The leaders of Kansas’ largest universities on Monday asked legislators to stop any further cuts to higher education, saying more reductions will produce long-term damage to the institutions and harm the state’s economic recovery.
Facing a $400 million revenue shortfall, the chair of the House Education Budget Committee, told the higher education leaders that now would be a good time to increase collaboration between regents schools.
“You can deliver a better product probably at a reduced price by working together,” said state Rep. Joe McLeland, R-Wichita. He said that in the past, university leaders were too involved in creating “empires” and competing against each other.
Both Kansas University Chancellor Bernadette Gray-Little and Kansas State University President Kirk Schulz vowed to worked together.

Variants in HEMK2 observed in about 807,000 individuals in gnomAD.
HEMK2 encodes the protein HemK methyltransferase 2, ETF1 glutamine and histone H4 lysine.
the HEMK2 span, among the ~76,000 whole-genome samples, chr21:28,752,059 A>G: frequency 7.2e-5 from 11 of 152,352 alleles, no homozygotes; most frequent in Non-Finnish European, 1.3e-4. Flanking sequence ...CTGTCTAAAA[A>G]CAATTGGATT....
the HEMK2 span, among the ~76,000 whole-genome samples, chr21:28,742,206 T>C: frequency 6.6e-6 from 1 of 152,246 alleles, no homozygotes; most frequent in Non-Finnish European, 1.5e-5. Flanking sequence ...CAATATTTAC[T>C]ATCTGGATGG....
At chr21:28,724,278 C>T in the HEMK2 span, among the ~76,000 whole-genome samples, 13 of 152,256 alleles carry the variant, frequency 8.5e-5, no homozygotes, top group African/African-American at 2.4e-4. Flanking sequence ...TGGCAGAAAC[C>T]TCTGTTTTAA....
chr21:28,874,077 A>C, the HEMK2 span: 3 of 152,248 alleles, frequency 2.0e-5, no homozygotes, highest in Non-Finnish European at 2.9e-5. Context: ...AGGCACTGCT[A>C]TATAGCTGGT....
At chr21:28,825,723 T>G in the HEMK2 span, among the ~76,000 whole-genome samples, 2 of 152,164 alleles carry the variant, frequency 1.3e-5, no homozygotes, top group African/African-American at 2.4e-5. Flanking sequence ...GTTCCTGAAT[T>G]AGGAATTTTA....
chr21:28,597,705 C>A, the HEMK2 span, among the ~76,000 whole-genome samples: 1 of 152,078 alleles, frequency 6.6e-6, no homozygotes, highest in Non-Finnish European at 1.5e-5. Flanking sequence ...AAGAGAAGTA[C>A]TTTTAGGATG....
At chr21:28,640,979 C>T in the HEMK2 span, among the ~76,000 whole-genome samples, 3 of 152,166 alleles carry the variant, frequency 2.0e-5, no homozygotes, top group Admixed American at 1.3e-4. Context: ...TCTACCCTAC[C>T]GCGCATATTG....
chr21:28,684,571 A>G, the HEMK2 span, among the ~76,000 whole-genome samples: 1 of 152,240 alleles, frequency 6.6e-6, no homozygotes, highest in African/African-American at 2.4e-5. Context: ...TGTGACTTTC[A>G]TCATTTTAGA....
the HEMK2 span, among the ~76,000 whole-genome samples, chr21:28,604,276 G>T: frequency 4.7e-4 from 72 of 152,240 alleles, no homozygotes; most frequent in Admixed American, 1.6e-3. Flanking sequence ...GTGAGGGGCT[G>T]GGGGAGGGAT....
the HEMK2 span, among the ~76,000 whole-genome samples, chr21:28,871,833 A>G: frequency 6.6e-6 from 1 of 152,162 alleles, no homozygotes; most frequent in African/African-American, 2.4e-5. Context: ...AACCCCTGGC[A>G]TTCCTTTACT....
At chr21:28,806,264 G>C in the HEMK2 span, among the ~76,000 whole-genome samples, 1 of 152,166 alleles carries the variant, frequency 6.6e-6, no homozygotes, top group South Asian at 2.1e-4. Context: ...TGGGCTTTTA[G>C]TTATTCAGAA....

“My view is that Kansas is better off not only if we are strong but if other institutions are strong as well,” Gray-Little said.
Both Gray-Little and Schulz told the committee that they supported Gov. Mark Parkinson’s position to hold the line on further cuts to education.
Higher Education has already been cut more than $100 million. Parkinson has called for a tax increase to bridge the budget gap in the fiscal year that starts July 1.
Gray-Little said KU has absorbed $37.3 million in cuts and unfunded mandates. That has resulted in reductions in its engineering and nursing programs — two professions that have shortages. “This has the potential to harm the longterm prosperity in Kansas,” she said.
She asked the committee, which will be working on the higher education budget over the next few weeks, to maintain the state’s investment in higher education “even if that requires finding new revenue.”